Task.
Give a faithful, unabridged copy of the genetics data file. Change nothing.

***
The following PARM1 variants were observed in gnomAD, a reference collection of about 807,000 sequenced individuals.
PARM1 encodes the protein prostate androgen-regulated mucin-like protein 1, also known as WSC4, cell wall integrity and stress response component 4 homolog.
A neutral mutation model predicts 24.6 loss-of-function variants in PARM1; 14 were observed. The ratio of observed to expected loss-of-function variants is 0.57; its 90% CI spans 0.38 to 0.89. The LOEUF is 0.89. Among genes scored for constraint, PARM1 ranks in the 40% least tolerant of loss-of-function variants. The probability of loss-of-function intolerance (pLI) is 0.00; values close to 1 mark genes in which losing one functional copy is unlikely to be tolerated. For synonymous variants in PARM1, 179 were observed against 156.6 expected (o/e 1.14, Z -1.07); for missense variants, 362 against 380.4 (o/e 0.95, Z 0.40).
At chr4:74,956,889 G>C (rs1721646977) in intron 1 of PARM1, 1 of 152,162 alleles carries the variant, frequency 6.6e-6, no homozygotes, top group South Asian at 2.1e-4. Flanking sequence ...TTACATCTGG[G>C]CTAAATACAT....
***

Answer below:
The following PARM1 variants were observed in gnomAD, a reference collection of about 807,000 sequenced individuals.
PARM1 encodes the protein prostate androgen-regulated mucin-like protein 1, also known as WSC4, cell wall integrity and stress response component 4 homolog.
A neutral mutation model predicts 24.6 loss-of-function variants in PARM1; 14 were observed. The ratio of observed to expected loss-of-function variants is 0.57; its 90% CI spans 0.38 to 0.89. The LOEUF is 0.89. Among genes scored for constraint, PARM1 ranks in the 40% least tolerant of loss-of-function variants. The probability of loss-of-function intolerance (pLI) is 0.00; values close to 1 mark genes in which losing one functional copy is unlikely to be tolerated. For synonymous variants in PARM1, 179 were observed against 156.6 expected (o/e 1.14, Z -1.07); for missense variants, 362 against 380.4 (o/e 0.95, Z 0.40).
At chr4:74,956,889 G>C (rs1721646977) in intron 1 of PARM1, 1 of 152,162 alleles carries the variant, frequency 6.6e-6, no homozygotes, top group South Asian at 2.1e-4. Flanking sequence ...TTACATCTGG[G>C]CTAAATACAT....